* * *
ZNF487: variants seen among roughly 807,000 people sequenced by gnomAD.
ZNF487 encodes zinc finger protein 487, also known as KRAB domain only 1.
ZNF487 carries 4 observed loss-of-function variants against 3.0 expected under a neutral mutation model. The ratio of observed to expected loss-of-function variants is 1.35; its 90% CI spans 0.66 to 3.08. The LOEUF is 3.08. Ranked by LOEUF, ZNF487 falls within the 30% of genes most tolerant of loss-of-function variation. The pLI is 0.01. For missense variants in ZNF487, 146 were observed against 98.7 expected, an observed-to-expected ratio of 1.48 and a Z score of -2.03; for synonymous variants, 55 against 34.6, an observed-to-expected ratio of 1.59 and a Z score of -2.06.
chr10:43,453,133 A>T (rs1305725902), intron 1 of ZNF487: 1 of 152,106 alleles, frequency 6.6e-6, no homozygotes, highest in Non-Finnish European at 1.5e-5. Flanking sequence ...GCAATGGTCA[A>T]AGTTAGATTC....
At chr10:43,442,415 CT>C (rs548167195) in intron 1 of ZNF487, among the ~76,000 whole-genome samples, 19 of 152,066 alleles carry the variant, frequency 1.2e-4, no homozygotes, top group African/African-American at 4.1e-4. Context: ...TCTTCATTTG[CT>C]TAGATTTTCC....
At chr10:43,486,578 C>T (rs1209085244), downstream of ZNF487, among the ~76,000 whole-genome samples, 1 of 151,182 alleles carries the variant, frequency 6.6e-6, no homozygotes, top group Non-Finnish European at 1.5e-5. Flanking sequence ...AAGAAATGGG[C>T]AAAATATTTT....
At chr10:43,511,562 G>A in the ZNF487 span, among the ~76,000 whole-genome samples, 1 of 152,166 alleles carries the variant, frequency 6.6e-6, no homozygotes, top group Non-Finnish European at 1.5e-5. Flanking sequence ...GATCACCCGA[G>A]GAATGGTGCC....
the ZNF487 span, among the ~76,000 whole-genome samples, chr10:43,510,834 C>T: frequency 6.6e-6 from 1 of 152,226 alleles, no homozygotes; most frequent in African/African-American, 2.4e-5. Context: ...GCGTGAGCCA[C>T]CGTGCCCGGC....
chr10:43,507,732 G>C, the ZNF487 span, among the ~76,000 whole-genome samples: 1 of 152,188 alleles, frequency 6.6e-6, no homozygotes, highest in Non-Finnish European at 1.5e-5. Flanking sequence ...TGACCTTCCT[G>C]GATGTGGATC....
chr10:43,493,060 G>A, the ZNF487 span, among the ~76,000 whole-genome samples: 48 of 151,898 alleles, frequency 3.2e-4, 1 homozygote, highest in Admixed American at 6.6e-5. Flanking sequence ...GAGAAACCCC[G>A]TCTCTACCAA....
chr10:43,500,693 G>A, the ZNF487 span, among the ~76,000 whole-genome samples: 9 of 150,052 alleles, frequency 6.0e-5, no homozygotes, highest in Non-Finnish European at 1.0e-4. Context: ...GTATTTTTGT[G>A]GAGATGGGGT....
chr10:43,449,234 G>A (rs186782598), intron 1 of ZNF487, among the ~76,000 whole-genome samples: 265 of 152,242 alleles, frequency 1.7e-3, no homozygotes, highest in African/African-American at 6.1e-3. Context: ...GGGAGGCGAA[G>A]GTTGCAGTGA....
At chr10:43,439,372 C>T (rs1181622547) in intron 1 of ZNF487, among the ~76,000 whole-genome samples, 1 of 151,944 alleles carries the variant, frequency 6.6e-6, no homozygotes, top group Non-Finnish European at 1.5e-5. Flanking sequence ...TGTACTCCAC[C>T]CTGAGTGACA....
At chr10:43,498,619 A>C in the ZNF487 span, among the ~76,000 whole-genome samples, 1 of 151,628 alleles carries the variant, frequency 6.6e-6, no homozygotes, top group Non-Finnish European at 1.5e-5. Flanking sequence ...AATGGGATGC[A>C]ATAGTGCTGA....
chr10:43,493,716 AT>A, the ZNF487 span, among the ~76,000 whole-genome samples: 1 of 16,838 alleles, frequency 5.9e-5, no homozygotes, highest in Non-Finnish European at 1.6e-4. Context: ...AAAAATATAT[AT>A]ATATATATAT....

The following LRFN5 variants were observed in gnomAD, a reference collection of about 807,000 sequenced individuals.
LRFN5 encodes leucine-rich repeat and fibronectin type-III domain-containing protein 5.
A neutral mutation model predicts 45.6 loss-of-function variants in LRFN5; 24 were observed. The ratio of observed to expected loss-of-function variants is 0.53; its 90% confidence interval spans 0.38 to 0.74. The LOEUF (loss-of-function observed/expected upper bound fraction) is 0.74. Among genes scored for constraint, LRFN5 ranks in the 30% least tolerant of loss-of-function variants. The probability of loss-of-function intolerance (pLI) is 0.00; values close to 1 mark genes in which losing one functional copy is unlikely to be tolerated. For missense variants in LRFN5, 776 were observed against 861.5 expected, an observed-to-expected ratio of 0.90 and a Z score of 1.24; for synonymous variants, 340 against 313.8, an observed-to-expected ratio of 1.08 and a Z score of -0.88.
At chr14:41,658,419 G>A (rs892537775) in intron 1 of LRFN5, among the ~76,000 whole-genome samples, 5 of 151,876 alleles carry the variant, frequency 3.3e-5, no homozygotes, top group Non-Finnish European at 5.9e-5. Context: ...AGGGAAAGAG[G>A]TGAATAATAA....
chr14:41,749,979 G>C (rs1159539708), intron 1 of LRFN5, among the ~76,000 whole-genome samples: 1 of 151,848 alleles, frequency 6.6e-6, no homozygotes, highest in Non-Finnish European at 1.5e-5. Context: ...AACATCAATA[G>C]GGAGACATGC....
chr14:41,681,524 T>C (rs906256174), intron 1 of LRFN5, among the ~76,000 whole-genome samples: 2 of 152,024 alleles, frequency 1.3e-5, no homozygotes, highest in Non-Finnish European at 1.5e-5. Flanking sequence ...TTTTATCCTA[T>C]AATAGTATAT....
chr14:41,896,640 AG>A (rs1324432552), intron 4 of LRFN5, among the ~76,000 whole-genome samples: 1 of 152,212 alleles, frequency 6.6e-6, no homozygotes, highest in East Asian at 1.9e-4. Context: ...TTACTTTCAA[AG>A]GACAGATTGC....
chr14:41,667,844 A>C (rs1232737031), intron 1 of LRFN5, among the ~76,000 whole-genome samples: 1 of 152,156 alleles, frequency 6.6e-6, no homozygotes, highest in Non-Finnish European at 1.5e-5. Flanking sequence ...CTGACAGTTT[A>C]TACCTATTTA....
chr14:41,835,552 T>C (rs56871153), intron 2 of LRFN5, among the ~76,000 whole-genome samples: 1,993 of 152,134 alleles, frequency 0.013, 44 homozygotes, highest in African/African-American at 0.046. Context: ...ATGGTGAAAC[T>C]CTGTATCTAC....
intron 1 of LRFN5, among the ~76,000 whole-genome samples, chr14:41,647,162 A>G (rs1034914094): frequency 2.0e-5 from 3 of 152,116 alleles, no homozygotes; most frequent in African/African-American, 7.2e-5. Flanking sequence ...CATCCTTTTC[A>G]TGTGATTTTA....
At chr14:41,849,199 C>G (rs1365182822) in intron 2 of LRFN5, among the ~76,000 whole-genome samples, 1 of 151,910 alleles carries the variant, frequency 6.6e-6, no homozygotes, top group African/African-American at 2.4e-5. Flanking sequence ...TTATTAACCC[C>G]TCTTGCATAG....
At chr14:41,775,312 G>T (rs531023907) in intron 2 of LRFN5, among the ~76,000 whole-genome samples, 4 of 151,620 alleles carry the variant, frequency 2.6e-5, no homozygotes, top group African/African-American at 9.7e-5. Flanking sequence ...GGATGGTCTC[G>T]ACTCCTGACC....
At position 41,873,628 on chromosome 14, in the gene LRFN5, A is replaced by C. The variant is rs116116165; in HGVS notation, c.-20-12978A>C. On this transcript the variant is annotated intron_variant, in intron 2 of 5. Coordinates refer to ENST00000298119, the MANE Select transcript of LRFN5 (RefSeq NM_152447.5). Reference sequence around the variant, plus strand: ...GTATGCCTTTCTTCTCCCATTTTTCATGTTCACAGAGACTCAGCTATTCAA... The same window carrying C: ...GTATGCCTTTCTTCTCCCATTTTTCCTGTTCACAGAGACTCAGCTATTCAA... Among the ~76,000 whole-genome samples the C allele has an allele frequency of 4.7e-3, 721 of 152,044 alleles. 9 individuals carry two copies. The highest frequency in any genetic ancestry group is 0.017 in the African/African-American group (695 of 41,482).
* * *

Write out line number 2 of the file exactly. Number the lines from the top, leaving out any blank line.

ZNF487 encodes zinc finger protein 487, also known as KRAB domain only 1.